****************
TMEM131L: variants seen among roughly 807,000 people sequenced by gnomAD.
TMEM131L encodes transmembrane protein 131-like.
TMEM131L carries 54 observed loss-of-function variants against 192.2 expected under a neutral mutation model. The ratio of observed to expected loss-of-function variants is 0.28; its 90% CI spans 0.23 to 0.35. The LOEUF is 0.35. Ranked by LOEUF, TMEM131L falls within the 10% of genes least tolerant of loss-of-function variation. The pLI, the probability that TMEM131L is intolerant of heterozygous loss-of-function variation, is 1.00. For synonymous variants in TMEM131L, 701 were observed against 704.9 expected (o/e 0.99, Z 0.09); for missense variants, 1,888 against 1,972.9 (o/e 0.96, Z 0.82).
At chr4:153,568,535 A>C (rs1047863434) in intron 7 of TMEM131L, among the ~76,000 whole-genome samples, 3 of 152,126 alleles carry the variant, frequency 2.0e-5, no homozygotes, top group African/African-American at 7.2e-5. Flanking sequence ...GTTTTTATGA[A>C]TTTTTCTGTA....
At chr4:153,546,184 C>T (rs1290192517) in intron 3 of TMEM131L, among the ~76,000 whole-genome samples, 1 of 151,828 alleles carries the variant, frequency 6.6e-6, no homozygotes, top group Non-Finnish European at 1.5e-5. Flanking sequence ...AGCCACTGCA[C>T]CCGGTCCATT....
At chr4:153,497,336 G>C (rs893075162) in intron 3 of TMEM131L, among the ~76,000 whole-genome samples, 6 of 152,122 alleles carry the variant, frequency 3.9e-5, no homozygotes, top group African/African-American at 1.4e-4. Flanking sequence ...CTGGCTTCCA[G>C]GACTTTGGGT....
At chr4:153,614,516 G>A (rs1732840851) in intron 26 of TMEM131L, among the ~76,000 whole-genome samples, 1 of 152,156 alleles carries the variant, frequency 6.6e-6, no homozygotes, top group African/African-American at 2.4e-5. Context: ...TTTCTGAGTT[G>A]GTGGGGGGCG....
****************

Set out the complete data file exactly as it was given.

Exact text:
TMEM131L: variants seen among roughly 807,000 people sequenced by gnomAD.
TMEM131L encodes transmembrane protein 131-like.
TMEM131L carries 54 observed loss-of-function variants against 192.2 expected under a neutral mutation model. The ratio of observed to expected loss-of-function variants is 0.28; its 90% CI spans 0.23 to 0.35. The LOEUF is 0.35. Ranked by LOEUF, TMEM131L falls within the 10% of genes least tolerant of loss-of-function variation. The pLI, the probability that TMEM131L is intolerant of heterozygous loss-of-function variation, is 1.00. For synonymous variants in TMEM131L, 701 were observed against 704.9 expected (o/e 0.99, Z 0.09); for missense variants, 1,888 against 1,972.9 (o/e 0.96, Z 0.82).
At chr4:153,568,535 A>C (rs1047863434) in intron 7 of TMEM131L, among the ~76,000 whole-genome samples, 3 of 152,126 alleles carry the variant, frequency 2.0e-5, no homozygotes, top group African/African-American at 7.2e-5. Flanking sequence ...GTTTTTATGA[A>C]TTTTTCTGTA....
At chr4:153,546,184 C>T (rs1290192517) in intron 3 of TMEM131L, among the ~76,000 whole-genome samples, 1 of 151,828 alleles carries the variant, frequency 6.6e-6, no homozygotes, top group Non-Finnish European at 1.5e-5. Flanking sequence ...AGCCACTGCA[C>T]CCGGTCCATT....
At chr4:153,497,336 G>C (rs893075162) in intron 3 of TMEM131L, among the ~76,000 whole-genome samples, 6 of 152,122 alleles carry the variant, frequency 3.9e-5, no homozygotes, top group African/African-American at 1.4e-4. Flanking sequence ...CTGGCTTCCA[G>C]GACTTTGGGT....
At chr4:153,614,516 G>A (rs1732840851) in intron 26 of TMEM131L, among the ~76,000 whole-genome samples, 1 of 152,156 alleles carries the variant, frequency 6.6e-6, no homozygotes, top group African/African-American at 2.4e-5. Context: ...TTTCTGAGTT[G>A]GTGGGGGGCG....